My Brilliant Korea

A persistent Nigerian, a slurry American, and an Aussie

South Korea | September 20, 2009

In one corner was the persistent Nigerian.

The Nigerian had attached himself to me somewhere between my subway station and the "cesspit of filth" (otherwise known as Itaewon- the place where American marines and other foreign misfits often head for a big night).

I had been unable to shake the Nigerian and, as a result, I found myself standing next to him on a bustling street at precisely 6.58pm on a recent Friday.

In the other corner was the slobbery American.

I would estimate this particular slobbery American had consumed at least two bottles of Jack Daniels liquor before our paths crossed at precisely 6.59pm.

"Eversy 100th perzon haz ta payza toll," the slobbery American slurred at me as I exited the Itaewon subway station.

I could feel my lip curl in disdain.

"I'm not paying a toll," I told him.

"Mayyybe ze tollz jusht a smile," he continued.

"I don't want to smile at you."

Without warning, his mood shifted.

"Whyyy are you beingz such an ARSHEHOLE?" he yelled.

"I'm not being an arsehole, you're the arsehole mate," I replied calmly.

The Nigerian stepped in.

"Just ignore him, don't speak to him," the Nigerian told me.

The American lurched himself at me, his mouth centimetres from my face.

"Whoooo are you callings ze ARSHEHOLE??" he continued.


"Don't speak to him," the Nigerian said again.

"You're the FUCKING ARSEHOLE!!" screamed the American as his foul breath hit my face.

"And you're drezzed like a fuckingz shlut!

"Anyone want to fuck her??

"You can fuck her because she's a fuckingzz shlut!!

The American turned to the Nigerian.

"And you're being an ARSHEHOLE becaauze you wanna fuck her!

"You wanna fuck the FUCKING SHLUT!"

With that the American stumbled backwards, turned and staggered down the street.

The dozen or so foreigners who had slowed down to watch the drama unfold continued with their evenings like nothing had happened.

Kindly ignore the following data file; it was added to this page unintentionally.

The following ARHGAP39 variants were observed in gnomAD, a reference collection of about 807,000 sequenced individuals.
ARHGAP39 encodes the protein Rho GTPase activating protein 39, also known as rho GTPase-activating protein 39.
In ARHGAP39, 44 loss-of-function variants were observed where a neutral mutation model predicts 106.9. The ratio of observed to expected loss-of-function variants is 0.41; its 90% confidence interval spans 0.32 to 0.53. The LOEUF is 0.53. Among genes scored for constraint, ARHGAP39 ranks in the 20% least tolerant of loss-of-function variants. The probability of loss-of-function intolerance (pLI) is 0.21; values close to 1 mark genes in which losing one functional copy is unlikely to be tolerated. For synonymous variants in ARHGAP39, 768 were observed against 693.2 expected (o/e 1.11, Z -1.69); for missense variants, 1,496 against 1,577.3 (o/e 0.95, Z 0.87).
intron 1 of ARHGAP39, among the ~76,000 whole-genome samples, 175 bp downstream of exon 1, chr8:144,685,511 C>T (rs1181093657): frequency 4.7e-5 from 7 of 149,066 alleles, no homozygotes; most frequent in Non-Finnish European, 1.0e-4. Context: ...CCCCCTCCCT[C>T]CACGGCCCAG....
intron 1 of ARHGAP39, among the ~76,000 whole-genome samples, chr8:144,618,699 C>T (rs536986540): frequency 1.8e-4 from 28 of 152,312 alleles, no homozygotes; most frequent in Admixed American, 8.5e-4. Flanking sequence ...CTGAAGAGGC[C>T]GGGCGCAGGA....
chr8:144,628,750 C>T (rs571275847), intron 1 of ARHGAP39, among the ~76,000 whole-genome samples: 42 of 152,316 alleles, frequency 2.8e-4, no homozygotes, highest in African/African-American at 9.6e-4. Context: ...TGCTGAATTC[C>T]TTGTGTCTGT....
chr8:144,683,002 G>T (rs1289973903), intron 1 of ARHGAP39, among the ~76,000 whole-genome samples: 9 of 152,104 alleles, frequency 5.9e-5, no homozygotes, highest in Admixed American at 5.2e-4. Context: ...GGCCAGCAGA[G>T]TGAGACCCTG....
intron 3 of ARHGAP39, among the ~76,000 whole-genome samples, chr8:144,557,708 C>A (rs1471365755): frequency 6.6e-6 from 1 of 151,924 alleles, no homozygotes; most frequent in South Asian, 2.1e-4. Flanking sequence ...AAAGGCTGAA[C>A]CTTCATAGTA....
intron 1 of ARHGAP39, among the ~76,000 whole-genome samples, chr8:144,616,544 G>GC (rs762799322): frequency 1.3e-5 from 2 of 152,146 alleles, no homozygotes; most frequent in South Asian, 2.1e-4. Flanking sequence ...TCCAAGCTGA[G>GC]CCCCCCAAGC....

I looked down at my black satin jumpsuit and knee high cowboy boots.

Suddenly, I did not feel so good.

I did not feel too good at all.

In fact, I felt like a "fucking shlut".

The Nigerian sensed an opportunity.

"Come on, let's get out of here. Let's go somewhere quiet," he said.

"I don't want to go somewhere quiet, " I replied.

"Can you please just go away now? Please?"

Finally, the Nigerian disappeared into the night and I was alone again.

My friends arrived at precisely 7.03pm.

This incident is an example of a low point, or a "valley" I have experienced in Seoul.

Half an hour after this particular exchange, I found myself sitting in a beach-style bar, my bare toes tracing through sand, and my fingers firmly clamped around a Long Island iced tea.

This is an example of a high point, or a "peak".

Other "valleys" or low points have included:

1. The time I was innocently minding my own business at a subway station when an elderly Korean gentleman walked up, yelled something in Korean, and then hit me with his umbrella (for reasons unknown).

2. The time I was innocently minding my own business at a subway station when a toothless young gentleman walked up, pointed to my dress, and slurred "sluuuut".

3. The time Amy and I trekked through monsoonal rain for hours to find an elusive bar, only to discover we were the only people in our group of friends who had made it there.